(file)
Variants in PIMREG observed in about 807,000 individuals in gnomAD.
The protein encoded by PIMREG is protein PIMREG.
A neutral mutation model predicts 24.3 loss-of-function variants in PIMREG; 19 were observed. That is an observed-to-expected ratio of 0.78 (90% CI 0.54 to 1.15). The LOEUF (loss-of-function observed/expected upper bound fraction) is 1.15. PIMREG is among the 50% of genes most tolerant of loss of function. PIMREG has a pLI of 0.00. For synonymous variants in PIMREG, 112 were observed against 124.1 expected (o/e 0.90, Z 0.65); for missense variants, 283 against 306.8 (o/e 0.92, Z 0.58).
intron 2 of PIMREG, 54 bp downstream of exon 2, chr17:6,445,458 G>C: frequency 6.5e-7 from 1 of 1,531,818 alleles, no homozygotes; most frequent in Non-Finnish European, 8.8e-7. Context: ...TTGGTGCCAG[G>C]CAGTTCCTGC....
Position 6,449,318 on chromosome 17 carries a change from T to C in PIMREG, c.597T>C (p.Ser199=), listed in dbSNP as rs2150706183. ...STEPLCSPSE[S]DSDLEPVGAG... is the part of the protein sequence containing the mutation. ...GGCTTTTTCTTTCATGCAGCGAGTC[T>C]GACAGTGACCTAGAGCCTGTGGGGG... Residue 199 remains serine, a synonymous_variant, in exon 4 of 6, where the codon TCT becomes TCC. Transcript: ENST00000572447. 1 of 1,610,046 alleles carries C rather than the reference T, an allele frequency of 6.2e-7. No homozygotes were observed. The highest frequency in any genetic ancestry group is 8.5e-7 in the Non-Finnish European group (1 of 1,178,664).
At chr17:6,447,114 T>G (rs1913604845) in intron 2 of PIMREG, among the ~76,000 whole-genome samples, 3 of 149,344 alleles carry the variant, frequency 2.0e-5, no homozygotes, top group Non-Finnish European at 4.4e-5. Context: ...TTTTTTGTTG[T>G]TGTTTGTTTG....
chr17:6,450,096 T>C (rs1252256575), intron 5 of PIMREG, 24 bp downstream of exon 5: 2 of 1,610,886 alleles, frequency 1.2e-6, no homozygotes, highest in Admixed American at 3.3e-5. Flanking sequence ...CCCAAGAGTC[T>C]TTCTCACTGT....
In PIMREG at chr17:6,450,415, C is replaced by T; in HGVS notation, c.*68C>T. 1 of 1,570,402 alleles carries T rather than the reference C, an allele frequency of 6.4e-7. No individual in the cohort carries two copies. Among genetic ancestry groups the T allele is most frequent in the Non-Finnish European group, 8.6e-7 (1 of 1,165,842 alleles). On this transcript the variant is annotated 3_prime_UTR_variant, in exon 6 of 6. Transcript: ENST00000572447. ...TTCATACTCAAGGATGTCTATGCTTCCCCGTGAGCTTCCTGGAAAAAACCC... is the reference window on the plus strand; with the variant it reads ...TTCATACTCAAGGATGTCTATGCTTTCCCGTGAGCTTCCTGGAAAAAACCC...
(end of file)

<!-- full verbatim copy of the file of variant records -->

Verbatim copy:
Variants in PIMREG observed in about 807,000 individuals in gnomAD.
The protein encoded by PIMREG is protein PIMREG.
A neutral mutation model predicts 24.3 loss-of-function variants in PIMREG; 19 were observed. That is an observed-to-expected ratio of 0.78 (90% CI 0.54 to 1.15). The LOEUF (loss-of-function observed/expected upper bound fraction) is 1.15. PIMREG is among the 50% of genes most tolerant of loss of function. PIMREG has a pLI of 0.00. For synonymous variants in PIMREG, 112 were observed against 124.1 expected (o/e 0.90, Z 0.65); for missense variants, 283 against 306.8 (o/e 0.92, Z 0.58).
intron 2 of PIMREG, 54 bp downstream of exon 2, chr17:6,445,458 G>C: frequency 6.5e-7 from 1 of 1,531,818 alleles, no homozygotes; most frequent in Non-Finnish European, 8.8e-7. Context: ...TTGGTGCCAG[G>C]CAGTTCCTGC....
Position 6,449,318 on chromosome 17 carries a change from T to C in PIMREG, c.597T>C (p.Ser199=), listed in dbSNP as rs2150706183. ...STEPLCSPSE[S]DSDLEPVGAG... is the part of the protein sequence containing the mutation. ...GGCTTTTTCTTTCATGCAGCGAGTC[T>C]GACAGTGACCTAGAGCCTGTGGGGG... Residue 199 remains serine, a synonymous_variant, in exon 4 of 6, where the codon TCT becomes TCC. Transcript: ENST00000572447. 1 of 1,610,046 alleles carries C rather than the reference T, an allele frequency of 6.2e-7. No homozygotes were observed. The highest frequency in any genetic ancestry group is 8.5e-7 in the Non-Finnish European group (1 of 1,178,664).
At chr17:6,447,114 T>G (rs1913604845) in intron 2 of PIMREG, among the ~76,000 whole-genome samples, 3 of 149,344 alleles carry the variant, frequency 2.0e-5, no homozygotes, top group Non-Finnish European at 4.4e-5. Context: ...TTTTTTGTTG[T>G]TGTTTGTTTG....
chr17:6,450,096 T>C (rs1252256575), intron 5 of PIMREG, 24 bp downstream of exon 5: 2 of 1,610,886 alleles, frequency 1.2e-6, no homozygotes, highest in Admixed American at 3.3e-5. Flanking sequence ...CCCAAGAGTC[T>C]TTCTCACTGT....
In PIMREG at chr17:6,450,415, C is replaced by T; in HGVS notation, c.*68C>T. 1 of 1,570,402 alleles carries T rather than the reference C, an allele frequency of 6.4e-7. No individual in the cohort carries two copies. Among genetic ancestry groups the T allele is most frequent in the Non-Finnish European group, 8.6e-7 (1 of 1,165,842 alleles). On this transcript the variant is annotated 3_prime_UTR_variant, in exon 6 of 6. Transcript: ENST00000572447. ...TTCATACTCAAGGATGTCTATGCTTCCCCGTGAGCTTCCTGGAAAAAACCC... is the reference window on the plus strand; with the variant it reads ...TTCATACTCAAGGATGTCTATGCTTTCCCGTGAGCTTCCTGGAAAAAACCC...